The wealthiest family in Yankee New England is exactly what you’d expect.

The Johnsons, led by polymathic patriarch Edward “Ned” Crosby III, built a $46.3 billion fortune with Fidelity Investments, whose products shape the finances of about 32 million people worldwide. His daughter, Abigail “Abby” Pierrepont Johnson, now chief executive officer of the family business, is among the most influential people in money management.

Yet for a firm that encouraged a cult of personality around its star fund managers, its biggest shareholders and the family’s intricate web of investments remain very much a mystery. Their empire extends from the Boston Seaport to London, Tokyo and West Texas in businesses ranging from hospitals to fiber-optic communication.

They are arguably Boston's most powerful family and certainly the richest. But they — and their business interests — remain intensely private.  The scant personal details that do surface depict a clan allergic to the limelight, scornful of excess and almost comically unpretentious. This story is based on interviews with more than a dozen people, including friends and business partners, most of whom asked not to be identified because of the family’s aversion to publicity.

For a while, Abby was said to drive a pickup truck. At her local gym in downtown Boston, she was one of the few women who chose to wear the stodgy gym-issued uniform. She flies commercial and rarely dines out.

“Abby is always so understated,” said New England Patriots owner Robert Kraft, a friend of Abby and her husband, Christopher McKown. Kraft said he tried to meet with the Johnsons for a meal every few months when Ned was more active in the business. “I’ve always enjoyed their company and found them to be down-to-Earth and just great people. It’s a real credit to the family that they come across that way.”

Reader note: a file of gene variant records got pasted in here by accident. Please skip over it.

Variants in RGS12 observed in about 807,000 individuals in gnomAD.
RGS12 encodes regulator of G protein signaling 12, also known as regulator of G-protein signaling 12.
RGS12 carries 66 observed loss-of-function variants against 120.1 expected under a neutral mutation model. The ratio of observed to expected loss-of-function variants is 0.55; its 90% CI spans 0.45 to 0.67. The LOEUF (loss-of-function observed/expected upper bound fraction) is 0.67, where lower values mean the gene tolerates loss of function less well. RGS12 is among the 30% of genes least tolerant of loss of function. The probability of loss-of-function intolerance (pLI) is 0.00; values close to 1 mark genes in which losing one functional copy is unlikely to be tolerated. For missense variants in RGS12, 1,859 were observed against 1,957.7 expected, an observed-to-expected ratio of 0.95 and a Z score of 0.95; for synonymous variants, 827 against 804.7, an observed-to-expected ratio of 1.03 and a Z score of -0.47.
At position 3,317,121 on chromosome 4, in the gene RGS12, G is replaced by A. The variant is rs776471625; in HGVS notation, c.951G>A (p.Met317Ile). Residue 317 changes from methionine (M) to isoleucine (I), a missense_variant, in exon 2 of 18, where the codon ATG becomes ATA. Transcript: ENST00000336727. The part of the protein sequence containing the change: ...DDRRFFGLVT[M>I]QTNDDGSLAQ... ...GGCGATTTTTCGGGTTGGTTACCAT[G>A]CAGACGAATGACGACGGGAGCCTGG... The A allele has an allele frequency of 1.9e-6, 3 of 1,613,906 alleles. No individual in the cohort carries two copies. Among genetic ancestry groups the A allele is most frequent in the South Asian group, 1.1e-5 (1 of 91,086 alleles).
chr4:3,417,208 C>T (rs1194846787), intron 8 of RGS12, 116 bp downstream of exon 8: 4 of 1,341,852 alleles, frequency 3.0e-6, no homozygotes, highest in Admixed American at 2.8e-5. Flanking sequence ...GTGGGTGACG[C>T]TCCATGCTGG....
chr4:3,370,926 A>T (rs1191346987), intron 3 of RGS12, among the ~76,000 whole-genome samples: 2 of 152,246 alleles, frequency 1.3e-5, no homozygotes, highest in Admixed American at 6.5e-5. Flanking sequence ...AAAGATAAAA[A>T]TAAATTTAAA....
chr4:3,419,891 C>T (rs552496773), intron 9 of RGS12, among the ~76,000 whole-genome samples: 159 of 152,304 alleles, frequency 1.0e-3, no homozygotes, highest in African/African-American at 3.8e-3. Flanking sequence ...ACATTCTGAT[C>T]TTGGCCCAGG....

Abby’s social circle, which also includes Boston Red Sox owner John Henry, is small. A rare outing in pre-Covid times included a flight to the U.K. to catch a soccer game with Henry, who’s also the principal owner of the Liverpool Football Club, as well as his wife Linda.

Even their charitable giving is mostly anonymous.

Fidelity, meanwhile, is ubiquitous. It manages 30.8 million brokerage accounts and more than $1.8 trillion in retirement savings. Its myriad funds hold $1.1 trillion of equities, a sum greater than 4% of the value of the S&P 500.

“Next to the Kennedys they are the most important family in Boston, and who ever hears anything about them?” said John Bonnanzio, editor of newsletter Fidelity Monitor & Insight. “There’s just an endless amount of money around the Johnson family and their various trusts.”

Unlike the Kennedys, the family’s politics are hard to discern. Abby donated about $330,000 to Hillary Clinton’s campaign and the Democratic National Committee in 2016, according to Federal Election Commission records. Since then, she has donated more than $14,000 to mostly Republican candidates in five states.

Fidelity’s DNA
Over three generations, the Johnsons have amassed the world’s 8th-biggest family fortune, and it has more than doubled in the past five years as soaring global equity markets pushed Fidelity’s revenue and operating income to records.

The trend underscores the company’s success embracing low and no-cost index funds, products that are antithetical to the firm’s original bread and butter: actively managed mutual funds. It has handled the shift better than competitors like Franklin Resources Inc. and Invesco Ltd., whose market values have slumped in recent years as customers increasingly balked at high fees.

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